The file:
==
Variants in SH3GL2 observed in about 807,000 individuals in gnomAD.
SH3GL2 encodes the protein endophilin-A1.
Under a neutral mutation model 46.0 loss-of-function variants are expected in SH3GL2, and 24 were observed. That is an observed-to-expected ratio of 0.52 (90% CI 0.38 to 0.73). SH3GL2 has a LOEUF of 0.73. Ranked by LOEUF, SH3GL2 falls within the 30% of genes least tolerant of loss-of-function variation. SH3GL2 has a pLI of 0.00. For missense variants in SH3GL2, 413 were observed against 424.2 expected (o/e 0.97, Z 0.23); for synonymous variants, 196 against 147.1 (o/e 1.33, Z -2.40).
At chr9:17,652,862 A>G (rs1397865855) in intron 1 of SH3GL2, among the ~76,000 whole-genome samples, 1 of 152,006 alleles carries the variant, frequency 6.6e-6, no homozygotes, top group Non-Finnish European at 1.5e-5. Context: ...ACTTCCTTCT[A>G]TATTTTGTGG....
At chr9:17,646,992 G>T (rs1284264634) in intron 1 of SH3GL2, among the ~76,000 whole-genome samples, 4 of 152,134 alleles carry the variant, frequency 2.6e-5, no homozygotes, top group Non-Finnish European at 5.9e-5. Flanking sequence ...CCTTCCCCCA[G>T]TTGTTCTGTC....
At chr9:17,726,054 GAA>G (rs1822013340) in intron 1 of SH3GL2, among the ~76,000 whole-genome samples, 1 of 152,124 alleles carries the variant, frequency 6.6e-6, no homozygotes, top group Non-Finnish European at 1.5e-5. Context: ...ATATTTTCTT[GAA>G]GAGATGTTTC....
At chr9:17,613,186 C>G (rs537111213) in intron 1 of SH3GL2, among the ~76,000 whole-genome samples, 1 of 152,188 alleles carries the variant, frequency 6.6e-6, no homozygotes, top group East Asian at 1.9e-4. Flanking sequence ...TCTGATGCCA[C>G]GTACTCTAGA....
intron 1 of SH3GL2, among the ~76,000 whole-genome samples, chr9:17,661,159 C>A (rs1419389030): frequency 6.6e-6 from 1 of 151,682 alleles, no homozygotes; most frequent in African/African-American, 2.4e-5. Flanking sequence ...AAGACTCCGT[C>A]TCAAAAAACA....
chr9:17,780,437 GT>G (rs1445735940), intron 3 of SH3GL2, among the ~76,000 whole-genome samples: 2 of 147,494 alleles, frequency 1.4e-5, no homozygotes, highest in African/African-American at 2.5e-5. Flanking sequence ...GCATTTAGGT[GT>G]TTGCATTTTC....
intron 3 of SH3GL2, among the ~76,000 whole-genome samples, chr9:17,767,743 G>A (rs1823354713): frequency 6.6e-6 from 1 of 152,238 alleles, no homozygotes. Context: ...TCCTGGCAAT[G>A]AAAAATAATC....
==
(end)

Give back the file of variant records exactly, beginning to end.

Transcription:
Variants in SH3GL2 observed in about 807,000 individuals in gnomAD.
SH3GL2 encodes the protein endophilin-A1.
Under a neutral mutation model 46.0 loss-of-function variants are expected in SH3GL2, and 24 were observed. That is an observed-to-expected ratio of 0.52 (90% CI 0.38 to 0.73). SH3GL2 has a LOEUF of 0.73. Ranked by LOEUF, SH3GL2 falls within the 30% of genes least tolerant of loss-of-function variation. SH3GL2 has a pLI of 0.00. For missense variants in SH3GL2, 413 were observed against 424.2 expected (o/e 0.97, Z 0.23); for synonymous variants, 196 against 147.1 (o/e 1.33, Z -2.40).
At chr9:17,652,862 A>G (rs1397865855) in intron 1 of SH3GL2, among the ~76,000 whole-genome samples, 1 of 152,006 alleles carries the variant, frequency 6.6e-6, no homozygotes, top group Non-Finnish European at 1.5e-5. Context: ...ACTTCCTTCT[A>G]TATTTTGTGG....
At chr9:17,646,992 G>T (rs1284264634) in intron 1 of SH3GL2, among the ~76,000 whole-genome samples, 4 of 152,134 alleles carry the variant, frequency 2.6e-5, no homozygotes, top group Non-Finnish European at 5.9e-5. Flanking sequence ...CCTTCCCCCA[G>T]TTGTTCTGTC....
At chr9:17,726,054 GAA>G (rs1822013340) in intron 1 of SH3GL2, among the ~76,000 whole-genome samples, 1 of 152,124 alleles carries the variant, frequency 6.6e-6, no homozygotes, top group Non-Finnish European at 1.5e-5. Context: ...ATATTTTCTT[GAA>G]GAGATGTTTC....
At chr9:17,613,186 C>G (rs537111213) in intron 1 of SH3GL2, among the ~76,000 whole-genome samples, 1 of 152,188 alleles carries the variant, frequency 6.6e-6, no homozygotes, top group East Asian at 1.9e-4. Flanking sequence ...TCTGATGCCA[C>G]GTACTCTAGA....
intron 1 of SH3GL2, among the ~76,000 whole-genome samples, chr9:17,661,159 C>A (rs1419389030): frequency 6.6e-6 from 1 of 151,682 alleles, no homozygotes; most frequent in African/African-American, 2.4e-5. Flanking sequence ...AAGACTCCGT[C>A]TCAAAAAACA....
chr9:17,780,437 GT>G (rs1445735940), intron 3 of SH3GL2, among the ~76,000 whole-genome samples: 2 of 147,494 alleles, frequency 1.4e-5, no homozygotes, highest in African/African-American at 2.5e-5. Flanking sequence ...GCATTTAGGT[GT>G]TTGCATTTTC....
intron 3 of SH3GL2, among the ~76,000 whole-genome samples, chr9:17,767,743 G>A (rs1823354713): frequency 6.6e-6 from 1 of 152,238 alleles, no homozygotes. Context: ...TCCTGGCAAT[G>A]AAAAATAATC....